Visitor Question

Calculating compensation if at-fault party was billed?

Submitted By: Nancy (Corvallis, OR)

I was the victim in a pedestrian-automobile accident in August 2015. Driver was cited and cooperated with police. I was transported to the emergency room and subsequently admitted for 48 hours.

Injuries: Broken shoulder blade, five broken ribs and a broken toe (more about that later), plus assorted contusions, lacerations and abrasions. Two staples in the scalp, three stitches in my left ear.

My auto insurance covered the first $15K. My health insurance was informed that it was a MVA. When I received any subsequent bills, I contacted the provider and gave them the contact information for the at-fault party. So far I am only out of pocket for pain meds, replacement of my iPad that was destroyed in the accident, and my share of the ambulance bill (health insurance paid 75%).

I will claim lost wages, spouse/caregiver’s lost wages, and loss of consortium.

Question 1: When I calculate for pain and suffering, do I total up ALL bills, whether I paid out of pocket or not? Or can I only claim what I paid out of pocket? I received the lien letter from the hospital, so I’m thinking I should use the total of all, then wait for the various providers to ask for their cut.

Question 2: About the toe: the hospital nursing staff examined it and agreed that it did appear to be broken, but it was never x-rayed and there is no mention of their opinion in the nurses notes. (I am asking for the record to be amended.)

It was x-rayed five weeks later, and the physician reading the film agreed that the break appeared to be several weeks old. If the at-fault party’s insurance refuses to pay compensation for the toe, what are the chances that the hospital will accept fault?

Thank you for any perspective you can give.

Disclaimer: Our response is not formal legal advice and does not create an attorney-client relationship. It is generic legal information based on the very limited information provided. Do not rely upon the information in our response, or anywhere else on this site, when deciding the proper course of a legal matter. Always get a personalized case review from a local attorney.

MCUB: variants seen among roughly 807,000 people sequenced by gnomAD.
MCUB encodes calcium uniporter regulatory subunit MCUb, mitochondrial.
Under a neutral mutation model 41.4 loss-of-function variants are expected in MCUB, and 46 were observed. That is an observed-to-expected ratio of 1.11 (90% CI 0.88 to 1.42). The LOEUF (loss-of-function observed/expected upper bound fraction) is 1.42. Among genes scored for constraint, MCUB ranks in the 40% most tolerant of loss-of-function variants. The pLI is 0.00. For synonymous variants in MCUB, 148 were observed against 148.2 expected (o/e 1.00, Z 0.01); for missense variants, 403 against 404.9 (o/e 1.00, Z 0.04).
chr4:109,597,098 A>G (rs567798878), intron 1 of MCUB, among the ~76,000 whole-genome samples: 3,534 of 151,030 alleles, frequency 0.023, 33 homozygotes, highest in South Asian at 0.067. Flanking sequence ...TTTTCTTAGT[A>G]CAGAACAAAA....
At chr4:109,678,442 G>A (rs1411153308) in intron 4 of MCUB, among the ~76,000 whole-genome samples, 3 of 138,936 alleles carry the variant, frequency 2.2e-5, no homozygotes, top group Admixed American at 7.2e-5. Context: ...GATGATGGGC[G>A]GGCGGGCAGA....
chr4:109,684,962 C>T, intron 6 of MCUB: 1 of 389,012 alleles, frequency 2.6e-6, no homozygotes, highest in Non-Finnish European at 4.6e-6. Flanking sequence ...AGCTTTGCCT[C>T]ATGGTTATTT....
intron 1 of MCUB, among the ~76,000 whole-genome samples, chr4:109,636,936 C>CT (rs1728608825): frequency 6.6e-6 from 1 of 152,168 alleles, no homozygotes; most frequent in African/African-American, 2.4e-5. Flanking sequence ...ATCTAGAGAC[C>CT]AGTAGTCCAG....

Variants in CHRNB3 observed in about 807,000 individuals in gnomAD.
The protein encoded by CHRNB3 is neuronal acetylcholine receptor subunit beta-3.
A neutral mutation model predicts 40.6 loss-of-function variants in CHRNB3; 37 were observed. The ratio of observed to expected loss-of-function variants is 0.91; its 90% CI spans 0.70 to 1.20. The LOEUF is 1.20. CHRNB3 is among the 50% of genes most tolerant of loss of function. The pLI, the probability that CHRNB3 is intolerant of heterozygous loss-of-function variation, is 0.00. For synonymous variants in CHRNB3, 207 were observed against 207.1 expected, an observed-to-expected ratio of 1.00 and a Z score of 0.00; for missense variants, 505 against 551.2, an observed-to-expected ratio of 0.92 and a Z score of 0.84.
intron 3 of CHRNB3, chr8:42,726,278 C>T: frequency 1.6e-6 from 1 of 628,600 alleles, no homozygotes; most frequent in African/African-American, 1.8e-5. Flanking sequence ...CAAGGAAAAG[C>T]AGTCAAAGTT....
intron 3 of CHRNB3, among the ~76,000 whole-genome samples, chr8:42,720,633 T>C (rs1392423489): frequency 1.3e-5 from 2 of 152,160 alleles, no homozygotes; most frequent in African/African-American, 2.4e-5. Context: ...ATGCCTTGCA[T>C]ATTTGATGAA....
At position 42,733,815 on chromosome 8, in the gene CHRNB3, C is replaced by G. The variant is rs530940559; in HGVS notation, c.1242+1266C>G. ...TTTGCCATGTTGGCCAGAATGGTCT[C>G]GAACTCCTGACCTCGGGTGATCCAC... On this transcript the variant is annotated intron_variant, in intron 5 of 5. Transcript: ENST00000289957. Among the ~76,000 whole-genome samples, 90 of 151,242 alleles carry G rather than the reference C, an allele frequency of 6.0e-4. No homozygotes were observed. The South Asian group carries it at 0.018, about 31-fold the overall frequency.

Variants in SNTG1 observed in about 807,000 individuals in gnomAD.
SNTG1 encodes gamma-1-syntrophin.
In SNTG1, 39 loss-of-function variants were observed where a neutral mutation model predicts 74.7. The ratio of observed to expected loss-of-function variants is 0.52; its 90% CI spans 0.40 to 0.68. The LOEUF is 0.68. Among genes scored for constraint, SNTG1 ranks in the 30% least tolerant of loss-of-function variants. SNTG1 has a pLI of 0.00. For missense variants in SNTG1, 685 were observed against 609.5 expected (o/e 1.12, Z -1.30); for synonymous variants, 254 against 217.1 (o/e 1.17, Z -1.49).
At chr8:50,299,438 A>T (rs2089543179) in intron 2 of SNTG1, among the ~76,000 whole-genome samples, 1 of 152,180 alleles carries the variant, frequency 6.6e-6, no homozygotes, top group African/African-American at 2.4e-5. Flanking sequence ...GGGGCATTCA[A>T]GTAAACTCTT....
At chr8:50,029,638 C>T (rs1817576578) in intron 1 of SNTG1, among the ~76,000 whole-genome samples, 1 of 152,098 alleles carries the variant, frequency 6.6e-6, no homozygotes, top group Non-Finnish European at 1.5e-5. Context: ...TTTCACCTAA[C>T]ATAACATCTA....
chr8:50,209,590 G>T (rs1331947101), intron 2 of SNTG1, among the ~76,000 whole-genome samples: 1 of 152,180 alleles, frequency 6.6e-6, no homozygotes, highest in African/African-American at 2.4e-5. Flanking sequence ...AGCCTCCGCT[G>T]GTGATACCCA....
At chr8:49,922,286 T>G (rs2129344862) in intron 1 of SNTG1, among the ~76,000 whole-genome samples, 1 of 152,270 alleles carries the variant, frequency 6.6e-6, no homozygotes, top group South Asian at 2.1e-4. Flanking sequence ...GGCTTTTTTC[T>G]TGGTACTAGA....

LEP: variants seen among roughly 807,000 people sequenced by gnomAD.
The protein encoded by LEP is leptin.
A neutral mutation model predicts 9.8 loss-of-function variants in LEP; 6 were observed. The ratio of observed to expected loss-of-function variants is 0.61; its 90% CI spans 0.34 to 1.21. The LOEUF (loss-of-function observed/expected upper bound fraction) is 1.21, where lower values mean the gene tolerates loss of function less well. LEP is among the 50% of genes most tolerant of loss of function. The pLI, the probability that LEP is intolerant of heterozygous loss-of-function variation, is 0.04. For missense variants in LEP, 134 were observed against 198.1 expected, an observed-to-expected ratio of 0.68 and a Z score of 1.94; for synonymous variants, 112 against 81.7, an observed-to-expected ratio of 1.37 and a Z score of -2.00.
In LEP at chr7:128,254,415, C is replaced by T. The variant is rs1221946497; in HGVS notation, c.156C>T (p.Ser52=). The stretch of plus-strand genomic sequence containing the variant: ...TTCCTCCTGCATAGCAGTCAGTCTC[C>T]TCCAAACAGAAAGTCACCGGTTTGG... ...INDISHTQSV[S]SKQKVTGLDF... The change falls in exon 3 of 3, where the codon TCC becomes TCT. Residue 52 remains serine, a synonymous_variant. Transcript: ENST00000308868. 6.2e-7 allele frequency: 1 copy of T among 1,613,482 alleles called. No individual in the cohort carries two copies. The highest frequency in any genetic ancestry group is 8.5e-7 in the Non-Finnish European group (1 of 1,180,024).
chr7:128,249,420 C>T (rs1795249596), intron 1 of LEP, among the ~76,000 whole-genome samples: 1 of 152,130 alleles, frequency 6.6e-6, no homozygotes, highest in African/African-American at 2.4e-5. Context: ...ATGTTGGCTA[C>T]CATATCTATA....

Answer

Dear Nancy,

Answer 1: In most personal injury claims, pain and suffering is not calculated separately. To arrive at a settlement which includes pain and suffering, most attorneys use a multiple of medical bills anywhere from 1x to 5x, or even higher, depending upon the seriousness of the injuries.

Your injuries are quite serious. As a result, you can be confident the insurance company is not going to offer you a settlement that comes close to what you might receive if you were represented by an experienced personal injury attorney. Serious injuries like yours should never be handled without legal representation. There is just too much to lose.

Insurance company adjusters are trained to settle injury claims for a little as possible. To do so, many adjusters appear empathetic and try to identify with victims. They are trained to make victims like you believe you have just negotiated a settlement which is far beyond what the claim is worth. That’s almost never true.

This may be happening with you. Insurance company adjusters like to do everything they can to stop a victim from retaining an attorney. The adjusters know once an attorney is retained, it may take much longer for the claim to settle, and the claim will undoubtedly settle for much more than then the insurance company wants to pay.

As a victim representing yourself, you have virtually no leverage with the adjuster. The adjuster knows if you don’t accept the amount offered, there is nothing you can do. An attorney can file a lawsuit in higher court.

Fortunately, most personal injury attorneys do not charge for initial office consultations. Your interests would be best-served by visiting with several experienced personal injury attorneys in your area.

Take along copies of all your medical records and bills, along with receipts for your out of pocket expenses. Also bring a letter from your employer verifying the amount of wages you lost while treating and recovering.

Answer 2: DO NOT sign any agreements, releases, or endorse any checks you may receive from the insurance company until you have visited with several attorneys.

The above is general information. Laws change frequently, and across jurisdictions. You should get a personalized case evaluation from a licensed attorney. Find a local attorney to give you a free case review here , or call (888) 647-2490.

Best of luck,

Published: November 4, 2015

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